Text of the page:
Lyrics come to me in different ways. Sometimes I just start to say something that sounds “poetic” in my head. Sometimes it’s just nonsense that sounds good so I’ll repeat it to myself over and over so I remember it and I write it down. Then I have the start of what maybe a set of lyrics for a song.
From that initial line or lines I start to add others in the same manner and try to build a verse or a chorus. As I add the lines the story or idea for the story starts to form.
I may get a verse complete and can’t come up with the hook. So I just put it aside and think about it. Most of the time the hook comes to me out of the blue and I’ll again pick up the song or poem.
Other times I start with the hook which may come out of a conversation, something I say or hear someone else say. I may not be sure what the story line of the song will be but I make sure that I write the line or lines down on paper and put them in my folder where I keep all my other pieces of lyrics and poem ideas.
I can have three to five ideas in the folder at any time. I will then stop adding the ideas and review the folder, picking out the one that I really like and make an effort to finish it.
There are times I hear a story and think that would make a great song or poem and then work with that.
And sometimes the process is a combination of everything above. But as I go through my day when something spoken catches my ear or a thought in my head catches my inner ear I make an effort to write it down.
I always try to have paper and pen available, in jackets, car consoles, by my bed. I don’t care for recording my voice. I don’t like the sound and I think the physical act of writing adds something to my process.
Here are some examples of what triggered ideas.
One time I was cleaning up a vintage beer sign my wife had found to sell on EBay. When she had picked up the sign she didn’t realize that a snake had made its home in it and shed its skin leaving it inside the sign. We looked over the sign when she brought it home and I could see the skin through a hole in the back of the sign. She left it in our garage until she finally decided it was time to pull it out and sell it.
I open up the sign to clean it and discovered that the snake skin was gone but what was left behind were mouse droppings.
As we were discussing the description to use when placing the sign on EBay I joked we should put in the listing that the snake skins and mouse turds were included in the price.
That phrase “snake skins and mouse turds” caught my ear. I wrote it down and threw it in my lyric folder.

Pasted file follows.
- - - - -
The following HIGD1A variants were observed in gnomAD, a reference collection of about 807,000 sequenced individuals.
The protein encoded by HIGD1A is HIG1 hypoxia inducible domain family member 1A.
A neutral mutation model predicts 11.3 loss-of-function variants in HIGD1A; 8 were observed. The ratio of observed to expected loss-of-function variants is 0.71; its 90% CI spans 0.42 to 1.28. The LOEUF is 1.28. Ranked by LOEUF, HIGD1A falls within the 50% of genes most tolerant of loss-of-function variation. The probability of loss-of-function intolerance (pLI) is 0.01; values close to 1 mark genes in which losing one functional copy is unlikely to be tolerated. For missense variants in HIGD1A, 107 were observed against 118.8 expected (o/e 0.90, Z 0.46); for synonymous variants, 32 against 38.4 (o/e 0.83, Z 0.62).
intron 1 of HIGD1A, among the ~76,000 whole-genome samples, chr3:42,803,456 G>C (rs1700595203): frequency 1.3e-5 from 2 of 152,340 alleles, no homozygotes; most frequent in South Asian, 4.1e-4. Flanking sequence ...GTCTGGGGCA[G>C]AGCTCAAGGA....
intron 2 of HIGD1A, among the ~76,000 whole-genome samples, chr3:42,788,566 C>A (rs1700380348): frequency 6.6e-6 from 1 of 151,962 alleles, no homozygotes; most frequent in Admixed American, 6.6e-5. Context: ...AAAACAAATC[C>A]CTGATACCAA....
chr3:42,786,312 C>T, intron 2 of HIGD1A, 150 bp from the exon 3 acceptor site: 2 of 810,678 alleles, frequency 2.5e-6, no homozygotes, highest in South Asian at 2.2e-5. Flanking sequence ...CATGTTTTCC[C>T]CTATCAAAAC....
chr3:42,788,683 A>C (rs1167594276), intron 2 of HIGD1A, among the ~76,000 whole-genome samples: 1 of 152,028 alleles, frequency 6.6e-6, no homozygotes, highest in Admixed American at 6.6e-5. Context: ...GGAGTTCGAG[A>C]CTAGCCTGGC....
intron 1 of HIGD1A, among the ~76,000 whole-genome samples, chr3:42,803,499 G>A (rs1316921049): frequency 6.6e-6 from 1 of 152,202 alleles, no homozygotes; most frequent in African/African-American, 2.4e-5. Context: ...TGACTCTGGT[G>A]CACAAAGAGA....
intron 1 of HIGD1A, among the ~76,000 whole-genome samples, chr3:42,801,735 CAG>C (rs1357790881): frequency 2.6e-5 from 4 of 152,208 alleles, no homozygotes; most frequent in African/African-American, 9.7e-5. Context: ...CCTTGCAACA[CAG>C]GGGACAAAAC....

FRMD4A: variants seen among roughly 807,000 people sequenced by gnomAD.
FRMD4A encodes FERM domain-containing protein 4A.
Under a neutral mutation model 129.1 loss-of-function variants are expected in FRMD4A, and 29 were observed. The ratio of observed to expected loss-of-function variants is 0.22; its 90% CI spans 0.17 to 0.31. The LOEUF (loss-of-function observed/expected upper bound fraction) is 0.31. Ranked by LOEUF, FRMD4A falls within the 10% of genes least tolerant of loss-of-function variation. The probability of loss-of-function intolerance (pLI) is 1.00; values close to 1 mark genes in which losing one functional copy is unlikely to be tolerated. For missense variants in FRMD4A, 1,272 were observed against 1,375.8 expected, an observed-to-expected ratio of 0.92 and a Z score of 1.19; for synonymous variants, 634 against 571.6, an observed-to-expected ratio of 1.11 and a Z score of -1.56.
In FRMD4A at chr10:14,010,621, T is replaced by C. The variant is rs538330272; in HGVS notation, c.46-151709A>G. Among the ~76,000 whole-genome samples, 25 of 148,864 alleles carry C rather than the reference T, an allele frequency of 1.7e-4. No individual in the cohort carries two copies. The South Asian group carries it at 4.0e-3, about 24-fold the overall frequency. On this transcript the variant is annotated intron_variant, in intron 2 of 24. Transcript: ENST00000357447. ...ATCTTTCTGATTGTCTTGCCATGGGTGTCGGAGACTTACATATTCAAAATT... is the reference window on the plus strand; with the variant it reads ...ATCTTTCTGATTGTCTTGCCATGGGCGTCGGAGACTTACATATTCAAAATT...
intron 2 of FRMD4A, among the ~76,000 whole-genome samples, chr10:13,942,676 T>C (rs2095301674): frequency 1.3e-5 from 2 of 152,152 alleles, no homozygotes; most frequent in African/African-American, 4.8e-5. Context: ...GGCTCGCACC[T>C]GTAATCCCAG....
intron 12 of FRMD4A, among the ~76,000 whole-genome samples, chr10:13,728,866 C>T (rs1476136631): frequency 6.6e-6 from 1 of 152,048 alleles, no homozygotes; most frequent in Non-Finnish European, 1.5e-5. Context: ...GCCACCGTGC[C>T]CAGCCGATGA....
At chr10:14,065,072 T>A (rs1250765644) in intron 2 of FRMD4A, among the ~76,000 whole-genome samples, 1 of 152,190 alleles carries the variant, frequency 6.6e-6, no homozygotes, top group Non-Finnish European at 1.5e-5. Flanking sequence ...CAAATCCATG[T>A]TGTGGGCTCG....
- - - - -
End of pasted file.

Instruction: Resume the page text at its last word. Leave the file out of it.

Days later when I was thinking about that phrase it brought to mind the image of someone cleaning out a house that contained nothing but boxes of worthless junk and mixed in with the junk were snake skins and mouse turds. I’ve been there.
That became my story line. The story would be about someone who had loved but been used by their lover and after they had left they were left with nothing but snake skins and mouse turds.
Another idea trigger was an elderly lady who lived across the street from my grandma’s.
When we were kids we always heard the story that she lost her husband in World War II. As a kid you didn’t think much about it.
.This lady was obsessive with her yard. She would mow two or three times a week and always did the final trim work by hand. She mowed with an old push reel mower (no engine) so it was cut just right.
The place was always immaculate. It wasn’t uncommon to see her sweeping the stones off the main road in front of her house at night.
When we were kids and even as adults we laughed about this behavior. Very eccentric borderline mental disorder, but we never thought about her story and what it must have done to her to lose her husband.
One time when my sister was in from out of town, my family was having dinner at the vacation cabin the she and her husband had built. Somehow the subject of this lady came up.
I asked my mom and dad did she really lose her husband in World War II. In the times that I grew up when unsavory things happened the parents would shield their kids from the truth by telling stories that fit the situation and made it palatable for kids. I was wondering was this one of them.
My parents confirmed that she had lost him in the war.
The story was he was seriously wounded and did not die on the battlefield but was sent back home to die. That’s how my dad put it.
Later that night after we all went home it struck me how sad that must have been, to have your love returned to you knowing it will be taken away.
Suddenly I thought I saw the reason for her years of obsession with her house and yard.
From that thought a set of lyrics was born.
My story may be off base but the story my parents told and the revelation were the inspiration.
Inspiration can come from anywhere. I’ve learned I just need to pay attention and make every effort to capture it when it comes my way.
I guess with as much as I’ve started talking about writing lyrics and poems and I should setup a page to let you read them.
© Otis P Smith and About the Groove, 2015. Unauthorized use and/or duplication of this material without express and written permission from this blog’s author and/or owner is strictly prohibited. Excerpts and links may be used, provided that full and clear credit is given to Otis P Smith and About the Groove with appropriate and specific direction to the original content.